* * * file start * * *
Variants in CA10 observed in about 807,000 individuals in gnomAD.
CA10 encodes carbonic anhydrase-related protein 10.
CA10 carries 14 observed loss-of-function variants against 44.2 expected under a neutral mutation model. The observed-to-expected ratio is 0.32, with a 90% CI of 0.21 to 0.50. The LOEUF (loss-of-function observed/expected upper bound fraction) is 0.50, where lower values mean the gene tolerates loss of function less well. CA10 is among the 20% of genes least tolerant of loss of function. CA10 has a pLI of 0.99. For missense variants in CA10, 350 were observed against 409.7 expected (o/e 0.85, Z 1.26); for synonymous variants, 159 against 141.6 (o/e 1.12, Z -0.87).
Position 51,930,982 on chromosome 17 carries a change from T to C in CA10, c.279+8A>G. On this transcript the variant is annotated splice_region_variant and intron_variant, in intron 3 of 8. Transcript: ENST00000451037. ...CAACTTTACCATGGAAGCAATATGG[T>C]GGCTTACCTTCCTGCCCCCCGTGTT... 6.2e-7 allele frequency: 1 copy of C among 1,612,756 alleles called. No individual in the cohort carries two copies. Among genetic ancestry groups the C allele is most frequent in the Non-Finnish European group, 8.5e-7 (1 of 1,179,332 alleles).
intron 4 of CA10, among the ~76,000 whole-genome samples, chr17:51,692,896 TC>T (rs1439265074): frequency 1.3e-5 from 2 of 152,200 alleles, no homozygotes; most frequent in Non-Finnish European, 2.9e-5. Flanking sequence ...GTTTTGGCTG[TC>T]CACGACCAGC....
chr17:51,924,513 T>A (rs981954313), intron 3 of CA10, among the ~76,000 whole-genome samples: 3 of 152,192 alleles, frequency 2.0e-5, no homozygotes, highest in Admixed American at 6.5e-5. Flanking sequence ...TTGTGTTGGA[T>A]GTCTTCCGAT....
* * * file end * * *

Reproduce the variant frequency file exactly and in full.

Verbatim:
Variants in CA10 observed in about 807,000 individuals in gnomAD.
CA10 encodes carbonic anhydrase-related protein 10.
CA10 carries 14 observed loss-of-function variants against 44.2 expected under a neutral mutation model. The observed-to-expected ratio is 0.32, with a 90% CI of 0.21 to 0.50. The LOEUF (loss-of-function observed/expected upper bound fraction) is 0.50, where lower values mean the gene tolerates loss of function less well. CA10 is among the 20% of genes least tolerant of loss of function. CA10 has a pLI of 0.99. For missense variants in CA10, 350 were observed against 409.7 expected (o/e 0.85, Z 1.26); for synonymous variants, 159 against 141.6 (o/e 1.12, Z -0.87).
Position 51,930,982 on chromosome 17 carries a change from T to C in CA10, c.279+8A>G. On this transcript the variant is annotated splice_region_variant and intron_variant, in intron 3 of 8. Transcript: ENST00000451037. ...CAACTTTACCATGGAAGCAATATGG[T>C]GGCTTACCTTCCTGCCCCCCGTGTT... 6.2e-7 allele frequency: 1 copy of C among 1,612,756 alleles called. No individual in the cohort carries two copies. Among genetic ancestry groups the C allele is most frequent in the Non-Finnish European group, 8.5e-7 (1 of 1,179,332 alleles).
intron 4 of CA10, among the ~76,000 whole-genome samples, chr17:51,692,896 TC>T (rs1439265074): frequency 1.3e-5 from 2 of 152,200 alleles, no homozygotes; most frequent in Non-Finnish European, 2.9e-5. Flanking sequence ...GTTTTGGCTG[TC>T]CACGACCAGC....
chr17:51,924,513 T>A (rs981954313), intron 3 of CA10, among the ~76,000 whole-genome samples: 3 of 152,192 alleles, frequency 2.0e-5, no homozygotes, highest in Admixed American at 6.5e-5. Flanking sequence ...TTGTGTTGGA[T>A]GTCTTCCGAT....